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A Complex Sophistication

May 15, 2007

With its concerts last weekend, the American Bach Soloists completed the fourth year of its Bach cycle, an elaborate multiseason project featuring a wide variety of the composer's most important works. The program on Saturday night at First Congregational Church in Berkeley was an exciting grab bag of instrumental music, featuring sinfonias from the cantatas BWV 174 and 42, the first Brandenburg Concerto (BWV 1046), the Concerto for Harpsichord and Two Recorders (BWV 1057), and the first Orchestral Suite (BWV 1066).
Each time ABS takes the stage, it presents suave performances as sumptuous as the most delicate chocolate dessert. Only occasionally, however, do listeners have to suffer through some brussels sprouts en route to the treats. This was one of those concerts.

The group's performance of the First Brandenburg was a case in point. ABS performed the opening movement with such élan and abandon that the concerto sounded fresh, even to ears that have heard the work dozens of times. Conductor Jeffrey Thomas' fine tempo choice for the second movement, too, was much appreciated. Groups too often translate "adagio" as "turgid" for this work, but Thomas presented a version at once lyrical and directional, and the movement exhibited an ideal pacing that accentuated both its remarkable melodic content and its complex geometry.

The following Allegro movement, however, was marred by problems from the winds. The blemishes transcended the obligatory wrong notes from the natural horns, which are always pardonable sins, given the excruciatingly unidiomatic treatment to which the composer subjects them. However, whether because of awkward tempo choice, cumbersome composition, or lack of sufficient preparation time (which seems the most likely culprit), the winds consistently pushed ahead of the rest of the band, causing some uncomfortable ensemble problems right up to the final moments of the movement.

However, all sections redeemed themselves with the complex of dances that comprise the final "movement," with exquisite playing from the double reeds in the first trio. The horns got their moment to shine in the second trio, more than compensating for their earlier rushing, and reminding us that John Boden and Paul Avril stand among the world's most accomplished on their instrument.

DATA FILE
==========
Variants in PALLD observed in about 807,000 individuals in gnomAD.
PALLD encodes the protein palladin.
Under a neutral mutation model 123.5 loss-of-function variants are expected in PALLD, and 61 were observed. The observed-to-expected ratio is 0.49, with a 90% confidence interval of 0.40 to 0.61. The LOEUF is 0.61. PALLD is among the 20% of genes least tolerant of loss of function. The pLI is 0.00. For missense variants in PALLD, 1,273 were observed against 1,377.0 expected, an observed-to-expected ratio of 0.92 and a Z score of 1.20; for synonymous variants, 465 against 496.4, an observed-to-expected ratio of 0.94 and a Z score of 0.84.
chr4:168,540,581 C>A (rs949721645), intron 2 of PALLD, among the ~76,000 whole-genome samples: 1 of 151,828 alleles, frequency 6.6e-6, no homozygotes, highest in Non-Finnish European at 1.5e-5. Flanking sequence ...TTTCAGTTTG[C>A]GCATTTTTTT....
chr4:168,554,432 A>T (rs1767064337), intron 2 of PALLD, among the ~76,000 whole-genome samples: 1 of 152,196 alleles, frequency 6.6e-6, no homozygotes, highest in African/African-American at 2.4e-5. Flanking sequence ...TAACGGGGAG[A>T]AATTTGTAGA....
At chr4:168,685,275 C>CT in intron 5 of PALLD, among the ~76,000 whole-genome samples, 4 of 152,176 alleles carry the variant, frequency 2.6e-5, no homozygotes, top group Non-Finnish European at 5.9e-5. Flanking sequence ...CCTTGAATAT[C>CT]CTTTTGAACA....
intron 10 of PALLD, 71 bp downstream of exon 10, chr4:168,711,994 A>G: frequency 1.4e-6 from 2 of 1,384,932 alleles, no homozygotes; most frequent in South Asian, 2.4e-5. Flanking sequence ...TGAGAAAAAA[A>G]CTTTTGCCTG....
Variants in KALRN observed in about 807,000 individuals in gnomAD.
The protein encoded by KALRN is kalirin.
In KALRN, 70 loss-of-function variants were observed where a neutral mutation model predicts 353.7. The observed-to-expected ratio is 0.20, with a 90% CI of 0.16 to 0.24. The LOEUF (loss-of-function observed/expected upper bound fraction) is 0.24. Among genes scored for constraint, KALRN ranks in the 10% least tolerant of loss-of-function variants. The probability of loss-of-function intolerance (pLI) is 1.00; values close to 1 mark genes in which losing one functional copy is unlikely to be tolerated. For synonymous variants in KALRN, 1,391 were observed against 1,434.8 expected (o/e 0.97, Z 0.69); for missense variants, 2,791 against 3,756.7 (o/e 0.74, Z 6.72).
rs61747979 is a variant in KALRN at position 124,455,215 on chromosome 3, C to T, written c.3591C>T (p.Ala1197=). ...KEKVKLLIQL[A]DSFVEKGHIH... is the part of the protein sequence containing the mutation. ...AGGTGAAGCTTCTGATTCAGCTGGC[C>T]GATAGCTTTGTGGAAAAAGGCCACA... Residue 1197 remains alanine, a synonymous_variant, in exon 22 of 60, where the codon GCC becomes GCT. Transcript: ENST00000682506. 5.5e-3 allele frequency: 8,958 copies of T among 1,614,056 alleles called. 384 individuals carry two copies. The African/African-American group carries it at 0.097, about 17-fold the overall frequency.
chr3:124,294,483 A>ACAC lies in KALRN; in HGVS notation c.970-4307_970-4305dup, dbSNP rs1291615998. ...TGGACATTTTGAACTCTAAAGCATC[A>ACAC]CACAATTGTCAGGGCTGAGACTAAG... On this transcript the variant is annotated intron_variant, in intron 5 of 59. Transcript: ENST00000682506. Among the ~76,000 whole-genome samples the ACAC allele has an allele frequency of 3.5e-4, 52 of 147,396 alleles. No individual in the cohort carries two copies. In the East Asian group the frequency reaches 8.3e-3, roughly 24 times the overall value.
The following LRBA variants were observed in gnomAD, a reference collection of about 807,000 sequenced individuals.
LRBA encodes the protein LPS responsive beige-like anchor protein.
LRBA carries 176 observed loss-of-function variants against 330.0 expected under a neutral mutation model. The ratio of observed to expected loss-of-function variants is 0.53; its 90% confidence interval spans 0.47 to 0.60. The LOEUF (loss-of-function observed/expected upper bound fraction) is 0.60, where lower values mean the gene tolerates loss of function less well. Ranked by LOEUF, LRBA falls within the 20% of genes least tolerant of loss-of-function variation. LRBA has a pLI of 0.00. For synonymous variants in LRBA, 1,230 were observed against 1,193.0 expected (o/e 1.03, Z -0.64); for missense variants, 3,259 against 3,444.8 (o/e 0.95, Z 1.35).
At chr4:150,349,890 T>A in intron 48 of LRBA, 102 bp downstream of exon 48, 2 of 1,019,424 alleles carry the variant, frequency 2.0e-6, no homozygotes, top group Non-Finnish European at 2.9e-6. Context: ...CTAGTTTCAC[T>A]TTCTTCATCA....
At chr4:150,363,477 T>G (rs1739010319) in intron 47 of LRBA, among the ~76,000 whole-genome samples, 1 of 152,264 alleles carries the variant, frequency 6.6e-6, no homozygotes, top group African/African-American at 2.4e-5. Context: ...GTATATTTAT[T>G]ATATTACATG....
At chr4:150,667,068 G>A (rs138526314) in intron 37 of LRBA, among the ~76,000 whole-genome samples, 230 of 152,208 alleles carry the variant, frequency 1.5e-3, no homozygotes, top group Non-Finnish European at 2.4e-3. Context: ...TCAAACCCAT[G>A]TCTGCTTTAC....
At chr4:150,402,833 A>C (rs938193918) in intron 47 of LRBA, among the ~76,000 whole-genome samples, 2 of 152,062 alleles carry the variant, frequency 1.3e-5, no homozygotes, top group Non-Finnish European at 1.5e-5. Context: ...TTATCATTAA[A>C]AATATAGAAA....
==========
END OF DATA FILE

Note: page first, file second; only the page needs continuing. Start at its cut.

Blazing Passagework
The centerpiece of the concert was the group's presentation of the rarely heard Concerto for Harpsichord and Two Recorders, BWV 1057. Musical polymath Debra Nagy set down her oboe to join Judith Linsenberg on recorders, with Michael Sponseller assuming the helm at the keyboard.

The evening's program notes stated that this work was "simply a transcription and transposition of the Fourth Brandenburg Concerto," but there is nothing simple about this particular transcription. In crafting the piece, Bach set for himself a particular compositional challenge. He composed the Brandenburg version for violin and two recorder soloists. This transcription retains the two wind solos, transferring the extensive violin figuration into the keyboard part, which is augmented by alternating continuo roles and highly idiomatic virtuoso passagework. Critics have long held differing views about Bach's degree of success with this transcription. Albert Schweitzer, for instance, famously lambasted all of the concerto transcriptions, and decreed, "We are under no special obligation to incorporate these transcriptions in our concert programs."

Those of us curious about how Bach's reputedly ornate continuo style might have sounded, however, take issue with Schweitzer's out-of-hand dismissal. Bach's extensive use of right-hand doubling of the ripieno strings creates a scintillating impression, and consistently wrested attention away from the recorder soloists in this performance. Moreover, audiences always gobble up the blazing passagework that marks Bach's concerto writing for the keyboard.